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What you need to know about the Freddie Gray hearings

Prosecutors and defense attorneys in the Freddie Gray case returned to court Thursday morning for a second pretrial motions hearing in the case.

What has happened so far?

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Judge Barry Williams ruled against a defense motion to move the trials of the six police officers charged in Gray's arrest and death out of Baltimore. Williams, however, left open the possibility that the trials could be moved if an impartial jury panel can't be found.

The court will reconvene at 2 p.m. to discuss other issues. It was not immediately clear what those issues are.

What has happened since last week?

In the first pretrial hearing last Wednesday, Williams ordered that the six officers be tried separately. The ruling was one of three that Williams handed down. He also denied defense motions to dismiss charges against the officers and to recuse State's Attorney Marilyn J. Mosby's office from the case.

On Wednesday, a city spending panel unanimously approved a $6.4 million payout to Gray's family to settle the threat of a federal lawsuit. The payment is larger than the total of more than 120 other lawsuits brought against the police department for alleged brutality and misconduct since 2011.

Later Wednesday, Pastor Westley West of Faith Empowered Ministries was arrested in connection with last week's protests. He was charged with attempting to incite a riot, malicious destruction of property, disorderly conduct, disturbance of the peace, false imprisonment, and failure to obey, police said.

Is Thursday's hearing on TV?

No. Maryland's laws prohibit cameras and recording devices from court rooms.

How can I follow the proceedings?

The Sun is hosting a live blog with updates throughout the hearing.

Are protests going on?

The Baltimore People's Power Assembly, an organization known for its protests against alleged police brutality, started protesting outside the courhouse at 8:30 a.m., and many celebrated the judge's decision to keep the trials in the city. The group protested during last week's hearing, and it was largely peaceful, though police made one arrest.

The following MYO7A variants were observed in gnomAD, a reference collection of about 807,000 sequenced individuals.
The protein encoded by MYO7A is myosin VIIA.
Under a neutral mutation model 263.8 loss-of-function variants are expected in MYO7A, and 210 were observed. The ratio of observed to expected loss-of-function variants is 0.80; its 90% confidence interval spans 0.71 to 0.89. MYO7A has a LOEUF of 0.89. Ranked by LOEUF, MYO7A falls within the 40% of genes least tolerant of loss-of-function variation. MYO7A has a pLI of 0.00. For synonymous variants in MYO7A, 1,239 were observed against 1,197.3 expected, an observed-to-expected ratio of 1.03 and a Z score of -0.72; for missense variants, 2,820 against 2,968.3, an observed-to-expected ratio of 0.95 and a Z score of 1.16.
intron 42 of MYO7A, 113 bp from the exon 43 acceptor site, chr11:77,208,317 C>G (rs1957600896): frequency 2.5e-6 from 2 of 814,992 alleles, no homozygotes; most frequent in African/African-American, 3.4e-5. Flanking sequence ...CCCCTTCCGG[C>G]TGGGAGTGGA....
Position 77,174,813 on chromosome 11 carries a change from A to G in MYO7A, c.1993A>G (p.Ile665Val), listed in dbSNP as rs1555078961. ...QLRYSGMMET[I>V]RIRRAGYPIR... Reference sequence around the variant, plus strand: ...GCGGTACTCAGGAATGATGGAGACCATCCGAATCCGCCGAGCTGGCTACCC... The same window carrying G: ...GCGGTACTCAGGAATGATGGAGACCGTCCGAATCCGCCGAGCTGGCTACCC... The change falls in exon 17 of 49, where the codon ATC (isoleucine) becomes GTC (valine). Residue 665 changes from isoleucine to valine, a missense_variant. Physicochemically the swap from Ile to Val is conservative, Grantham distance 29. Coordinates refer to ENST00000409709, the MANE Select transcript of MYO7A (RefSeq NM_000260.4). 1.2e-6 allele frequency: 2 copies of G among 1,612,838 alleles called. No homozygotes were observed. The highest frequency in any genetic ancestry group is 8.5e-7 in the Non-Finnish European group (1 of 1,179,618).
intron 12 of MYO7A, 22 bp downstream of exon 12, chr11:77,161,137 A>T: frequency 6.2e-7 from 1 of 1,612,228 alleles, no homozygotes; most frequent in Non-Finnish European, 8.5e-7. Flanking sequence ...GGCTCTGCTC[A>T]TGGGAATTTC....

How did we get to this point?

Gray, 25, was arrested on April 12 and suffered a severe spinal cord injury while in police custody. He died a week later. His funeral on April 27 was followed by citywide rioting, looting and arson. On May 1, Mosby announced criminal charges against the six officers from the stairs of the Baltimore War Memorial. Later that month, the six officers were indicted by a grand jury.

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What are the charges against the police officers?

Officer Caesar R. Goodson, the driver of the van used to transport Gray, is charged with second-degree depraved-heart murder, the most serious charge among the six officers. He also is charged with manslaughter, second-degree assault, two counts of vehicular manslaughter and misconduct in office.

Three officers, Officer William G. Porter, Lt. Brian W. Rice, and Sgt. Alicia D. White, face involuntary manslaughter, second-degree assault and misconduct in office charges. Officers Edward M. Nero and Garrett E. Miller are charged with second-degree assault and misconduct in office.

All six officers have pleaded not guilty and will all be tried separately.

Are the officers attending the pretrial hearings?

No. All six officers have filed waivers of their right to appear.

Who is the judge?

Circuit Court Judge Barry Glenn Williams, 53. He has been an associate judge with the Baltimore City Circuit Court since December 2005. Williams holds a bachelor's degree in history from the University of Virginia and a law degree from the University of Maryland School of Law.

What happens next?

A trial date has been scheduled for Oct. 13, though that could change based on what happens in court.

Have any other questions? Let us know in the comments and we'll answer them as best as we can.

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